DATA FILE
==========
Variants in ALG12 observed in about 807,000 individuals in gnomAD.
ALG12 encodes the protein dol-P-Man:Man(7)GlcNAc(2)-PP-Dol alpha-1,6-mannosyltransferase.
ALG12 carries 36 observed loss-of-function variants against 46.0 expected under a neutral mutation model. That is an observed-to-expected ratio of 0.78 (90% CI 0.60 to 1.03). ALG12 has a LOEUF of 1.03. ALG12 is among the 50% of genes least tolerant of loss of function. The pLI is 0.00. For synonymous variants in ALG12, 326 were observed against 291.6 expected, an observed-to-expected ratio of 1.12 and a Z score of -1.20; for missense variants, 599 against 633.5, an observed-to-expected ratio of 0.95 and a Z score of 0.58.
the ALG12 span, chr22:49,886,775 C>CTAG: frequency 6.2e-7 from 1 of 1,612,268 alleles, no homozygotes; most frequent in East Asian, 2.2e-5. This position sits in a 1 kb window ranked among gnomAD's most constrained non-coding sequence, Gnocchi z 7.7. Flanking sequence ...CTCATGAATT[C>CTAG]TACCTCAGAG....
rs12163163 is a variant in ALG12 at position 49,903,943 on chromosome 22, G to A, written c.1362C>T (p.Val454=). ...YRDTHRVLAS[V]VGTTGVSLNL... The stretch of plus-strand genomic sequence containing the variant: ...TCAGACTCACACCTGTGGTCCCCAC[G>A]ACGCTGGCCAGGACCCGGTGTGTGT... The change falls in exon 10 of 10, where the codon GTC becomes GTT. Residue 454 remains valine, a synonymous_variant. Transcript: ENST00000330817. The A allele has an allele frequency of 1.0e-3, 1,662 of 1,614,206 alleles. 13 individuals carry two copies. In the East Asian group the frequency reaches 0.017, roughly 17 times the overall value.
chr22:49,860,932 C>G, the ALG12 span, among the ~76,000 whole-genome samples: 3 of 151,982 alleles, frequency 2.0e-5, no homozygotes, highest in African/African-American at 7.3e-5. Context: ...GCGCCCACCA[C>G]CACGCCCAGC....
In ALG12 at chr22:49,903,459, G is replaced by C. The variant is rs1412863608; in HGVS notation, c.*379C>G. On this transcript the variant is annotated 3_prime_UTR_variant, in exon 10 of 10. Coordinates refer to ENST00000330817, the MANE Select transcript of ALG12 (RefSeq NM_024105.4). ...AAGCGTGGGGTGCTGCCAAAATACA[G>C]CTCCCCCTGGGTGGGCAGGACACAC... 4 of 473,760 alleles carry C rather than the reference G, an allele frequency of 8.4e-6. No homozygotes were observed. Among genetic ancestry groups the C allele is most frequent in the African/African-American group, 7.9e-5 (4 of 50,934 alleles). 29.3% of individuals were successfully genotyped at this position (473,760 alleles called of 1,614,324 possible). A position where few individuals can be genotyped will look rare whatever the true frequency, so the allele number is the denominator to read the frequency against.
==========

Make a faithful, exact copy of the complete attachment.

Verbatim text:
Variants in ALG12 observed in about 807,000 individuals in gnomAD.
ALG12 encodes the protein dol-P-Man:Man(7)GlcNAc(2)-PP-Dol alpha-1,6-mannosyltransferase.
ALG12 carries 36 observed loss-of-function variants against 46.0 expected under a neutral mutation model. That is an observed-to-expected ratio of 0.78 (90% CI 0.60 to 1.03). ALG12 has a LOEUF of 1.03. ALG12 is among the 50% of genes least tolerant of loss of function. The pLI is 0.00. For synonymous variants in ALG12, 326 were observed against 291.6 expected, an observed-to-expected ratio of 1.12 and a Z score of -1.20; for missense variants, 599 against 633.5, an observed-to-expected ratio of 0.95 and a Z score of 0.58.
the ALG12 span, chr22:49,886,775 C>CTAG: frequency 6.2e-7 from 1 of 1,612,268 alleles, no homozygotes; most frequent in East Asian, 2.2e-5. This position sits in a 1 kb window ranked among gnomAD's most constrained non-coding sequence, Gnocchi z 7.7. Flanking sequence ...CTCATGAATT[C>CTAG]TACCTCAGAG....
rs12163163 is a variant in ALG12 at position 49,903,943 on chromosome 22, G to A, written c.1362C>T (p.Val454=). ...YRDTHRVLAS[V]VGTTGVSLNL... The stretch of plus-strand genomic sequence containing the variant: ...TCAGACTCACACCTGTGGTCCCCAC[G>A]ACGCTGGCCAGGACCCGGTGTGTGT... The change falls in exon 10 of 10, where the codon GTC becomes GTT. Residue 454 remains valine, a synonymous_variant. Transcript: ENST00000330817. The A allele has an allele frequency of 1.0e-3, 1,662 of 1,614,206 alleles. 13 individuals carry two copies. In the East Asian group the frequency reaches 0.017, roughly 17 times the overall value.
chr22:49,860,932 C>G, the ALG12 span, among the ~76,000 whole-genome samples: 3 of 151,982 alleles, frequency 2.0e-5, no homozygotes, highest in African/African-American at 7.3e-5. Context: ...GCGCCCACCA[C>G]CACGCCCAGC....
In ALG12 at chr22:49,903,459, G is replaced by C. The variant is rs1412863608; in HGVS notation, c.*379C>G. On this transcript the variant is annotated 3_prime_UTR_variant, in exon 10 of 10. Coordinates refer to ENST00000330817, the MANE Select transcript of ALG12 (RefSeq NM_024105.4). ...AAGCGTGGGGTGCTGCCAAAATACA[G>C]CTCCCCCTGGGTGGGCAGGACACAC... 4 of 473,760 alleles carry C rather than the reference G, an allele frequency of 8.4e-6. No homozygotes were observed. Among genetic ancestry groups the C allele is most frequent in the African/African-American group, 7.9e-5 (4 of 50,934 alleles). 29.3% of individuals were successfully genotyped at this position (473,760 alleles called of 1,614,324 possible). A position where few individuals can be genotyped will look rare whatever the true frequency, so the allele number is the denominator to read the frequency against.